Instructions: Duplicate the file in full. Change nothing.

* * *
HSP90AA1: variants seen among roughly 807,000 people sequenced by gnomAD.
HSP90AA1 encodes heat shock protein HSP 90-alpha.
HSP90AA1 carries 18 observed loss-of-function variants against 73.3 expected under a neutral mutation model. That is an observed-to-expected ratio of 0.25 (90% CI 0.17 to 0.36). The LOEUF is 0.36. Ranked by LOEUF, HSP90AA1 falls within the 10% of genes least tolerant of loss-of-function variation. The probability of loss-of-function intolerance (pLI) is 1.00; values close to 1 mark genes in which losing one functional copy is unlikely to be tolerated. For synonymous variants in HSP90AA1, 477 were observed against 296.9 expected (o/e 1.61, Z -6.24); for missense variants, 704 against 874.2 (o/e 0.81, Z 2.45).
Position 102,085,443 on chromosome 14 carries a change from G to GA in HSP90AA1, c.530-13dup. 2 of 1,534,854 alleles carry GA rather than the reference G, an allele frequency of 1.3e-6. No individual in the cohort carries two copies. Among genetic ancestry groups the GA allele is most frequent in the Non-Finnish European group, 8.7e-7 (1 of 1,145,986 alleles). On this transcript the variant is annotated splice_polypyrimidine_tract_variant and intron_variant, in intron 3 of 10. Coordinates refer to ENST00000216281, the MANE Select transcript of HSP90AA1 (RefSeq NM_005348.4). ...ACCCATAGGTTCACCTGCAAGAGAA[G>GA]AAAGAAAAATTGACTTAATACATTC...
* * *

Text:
HSP90AA1: variants seen among roughly 807,000 people sequenced by gnomAD.
HSP90AA1 encodes heat shock protein HSP 90-alpha.
HSP90AA1 carries 18 observed loss-of-function variants against 73.3 expected under a neutral mutation model. That is an observed-to-expected ratio of 0.25 (90% CI 0.17 to 0.36). The LOEUF is 0.36. Ranked by LOEUF, HSP90AA1 falls within the 10% of genes least tolerant of loss-of-function variation. The probability of loss-of-function intolerance (pLI) is 1.00; values close to 1 mark genes in which losing one functional copy is unlikely to be tolerated. For synonymous variants in HSP90AA1, 477 were observed against 296.9 expected (o/e 1.61, Z -6.24); for missense variants, 704 against 874.2 (o/e 0.81, Z 2.45).
Position 102,085,443 on chromosome 14 carries a change from G to GA in HSP90AA1, c.530-13dup. 2 of 1,534,854 alleles carry GA rather than the reference G, an allele frequency of 1.3e-6. No individual in the cohort carries two copies. Among genetic ancestry groups the GA allele is most frequent in the Non-Finnish European group, 8.7e-7 (1 of 1,145,986 alleles). On this transcript the variant is annotated splice_polypyrimidine_tract_variant and intron_variant, in intron 3 of 10. Coordinates refer to ENST00000216281, the MANE Select transcript of HSP90AA1 (RefSeq NM_005348.4). ...ACCCATAGGTTCACCTGCAAGAGAA[G>GA]AAAGAAAAATTGACTTAATACATTC...